1. Information apps: The application that you’re building is informational in nature.   If you’re trying to build a game or the next “Angry Birds,”  Jquery mobile is not a good fit.   This tool works well if your creating e-books, apps for conferences, promoting a band, or capturing information using simple forms.
  2. It’s just HTML: Learning Objective C or Java can be intimidating to people just learning how to program.   I greatly appreciate that JQuery mobile provides a solid place to start for novice app builders.
  3. Get started at no cost: What do you need to get started? A text editor, a web browser, and your creativity.  (notepad++, textwrangler for Mac, etc.)

In the following code sketch, I will outline how to create a simple application.   The app will show you how to create buttons on a list view, create a pop-out window, include text and images, and enable your users to navigate from one page to another. If you need training on HTML or JavaScript, please visit for additional teaching.

In this  example, we will build a simple app to help promote a group or club.   It will consist of four pages: home, events, contact us, and news.   These pages will look something like this when we’re done. You can also check out a demo at this link.

Home screen

Home page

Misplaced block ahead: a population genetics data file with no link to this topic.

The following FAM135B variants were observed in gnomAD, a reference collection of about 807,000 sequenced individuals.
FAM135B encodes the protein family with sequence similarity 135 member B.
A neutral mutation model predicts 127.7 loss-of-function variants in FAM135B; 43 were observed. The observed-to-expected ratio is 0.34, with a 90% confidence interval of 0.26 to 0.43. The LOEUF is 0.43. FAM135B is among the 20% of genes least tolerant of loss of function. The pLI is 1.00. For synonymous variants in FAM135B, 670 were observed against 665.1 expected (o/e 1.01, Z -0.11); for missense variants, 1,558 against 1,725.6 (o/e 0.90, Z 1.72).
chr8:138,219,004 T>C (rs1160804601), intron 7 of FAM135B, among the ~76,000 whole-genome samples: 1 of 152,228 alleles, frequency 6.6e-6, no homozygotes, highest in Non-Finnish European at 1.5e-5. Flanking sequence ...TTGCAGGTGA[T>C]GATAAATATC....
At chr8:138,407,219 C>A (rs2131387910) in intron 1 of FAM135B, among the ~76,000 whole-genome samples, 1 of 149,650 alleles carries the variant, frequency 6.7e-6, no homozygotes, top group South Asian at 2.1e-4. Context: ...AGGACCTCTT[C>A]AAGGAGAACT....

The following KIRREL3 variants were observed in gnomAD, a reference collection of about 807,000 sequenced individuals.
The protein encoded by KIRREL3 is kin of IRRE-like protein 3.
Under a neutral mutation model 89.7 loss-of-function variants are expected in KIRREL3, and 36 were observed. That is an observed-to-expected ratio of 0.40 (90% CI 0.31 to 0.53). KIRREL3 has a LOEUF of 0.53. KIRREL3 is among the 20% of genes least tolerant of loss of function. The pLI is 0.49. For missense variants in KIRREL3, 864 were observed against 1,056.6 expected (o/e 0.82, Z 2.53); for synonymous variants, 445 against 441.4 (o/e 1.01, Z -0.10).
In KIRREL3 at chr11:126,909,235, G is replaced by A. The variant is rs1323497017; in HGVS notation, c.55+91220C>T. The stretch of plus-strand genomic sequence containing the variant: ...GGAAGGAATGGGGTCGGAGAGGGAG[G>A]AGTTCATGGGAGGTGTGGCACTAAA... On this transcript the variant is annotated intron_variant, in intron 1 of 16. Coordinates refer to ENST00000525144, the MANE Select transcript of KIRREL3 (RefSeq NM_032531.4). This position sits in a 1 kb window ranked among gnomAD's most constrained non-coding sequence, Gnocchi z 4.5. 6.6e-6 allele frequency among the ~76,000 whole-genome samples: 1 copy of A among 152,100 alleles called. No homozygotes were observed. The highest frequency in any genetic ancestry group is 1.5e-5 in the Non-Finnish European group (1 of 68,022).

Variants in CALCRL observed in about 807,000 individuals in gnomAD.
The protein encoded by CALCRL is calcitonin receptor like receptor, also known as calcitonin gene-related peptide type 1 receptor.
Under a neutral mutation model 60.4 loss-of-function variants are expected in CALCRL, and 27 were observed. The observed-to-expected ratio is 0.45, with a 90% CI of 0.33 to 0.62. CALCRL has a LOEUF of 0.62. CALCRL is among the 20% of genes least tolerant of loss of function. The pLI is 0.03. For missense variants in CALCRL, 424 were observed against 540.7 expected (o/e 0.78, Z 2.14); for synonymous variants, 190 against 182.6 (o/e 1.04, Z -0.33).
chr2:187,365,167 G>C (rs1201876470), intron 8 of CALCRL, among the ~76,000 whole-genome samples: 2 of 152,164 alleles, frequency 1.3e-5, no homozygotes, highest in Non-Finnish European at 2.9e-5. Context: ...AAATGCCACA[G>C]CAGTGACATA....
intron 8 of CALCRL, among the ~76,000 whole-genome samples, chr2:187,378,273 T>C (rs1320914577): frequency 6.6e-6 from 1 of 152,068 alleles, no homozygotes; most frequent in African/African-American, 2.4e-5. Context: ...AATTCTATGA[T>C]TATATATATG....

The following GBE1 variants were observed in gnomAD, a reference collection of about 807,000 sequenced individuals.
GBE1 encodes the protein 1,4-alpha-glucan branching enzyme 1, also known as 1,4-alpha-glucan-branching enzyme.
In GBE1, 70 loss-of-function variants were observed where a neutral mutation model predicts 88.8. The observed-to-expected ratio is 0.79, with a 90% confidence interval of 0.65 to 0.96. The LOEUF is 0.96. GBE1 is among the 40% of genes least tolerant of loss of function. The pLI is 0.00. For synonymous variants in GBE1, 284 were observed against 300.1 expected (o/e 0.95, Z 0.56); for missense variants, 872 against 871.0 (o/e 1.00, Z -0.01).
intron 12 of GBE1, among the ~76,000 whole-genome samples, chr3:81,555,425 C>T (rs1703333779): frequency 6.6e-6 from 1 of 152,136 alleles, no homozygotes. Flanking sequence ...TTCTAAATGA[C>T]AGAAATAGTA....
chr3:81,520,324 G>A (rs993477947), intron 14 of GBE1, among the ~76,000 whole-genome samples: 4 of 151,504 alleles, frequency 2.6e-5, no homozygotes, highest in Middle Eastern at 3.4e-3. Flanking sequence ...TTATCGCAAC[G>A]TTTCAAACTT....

Contact us page

Events page

Events page

For a comprehensive introduction to JQuery Mobile, please visit

The HTML to create this small application is shown below.  How does this code work?



[cc lang=”html”]

Group App

My Group App

Etiam a lorem id nisl porttitor scelerisque sed vitae dolor. Nunc gravida leo quis dolor pretium sed eleifend nisl commodo. Cras id imperdiet tortor. Sed convallis massa vel sapien ullamcorper convallis. Vivamus elit odio, suscipit quis adipiscing at, dignissim interdum arcu.

Look forward to seeing you soon!

My Group – Contact us

Contact Us

Etiam a lorem id nisl porttitor scelerisque sed vitae dolor. Nunc
gravida leo quis dolor pretium sed eleifend nisl commodo. Cras id
imperdiet tortor. Sed convallis massa vel sapien ullamcorper
convallis. Vivamus elit odio, suscipit quis adipiscing at, dignissim
interdum arcu.

  • Mary Jane — President — E-mail
  • John Smith — Vice President — E-mail
  • Simon Flat — Communications — E-mail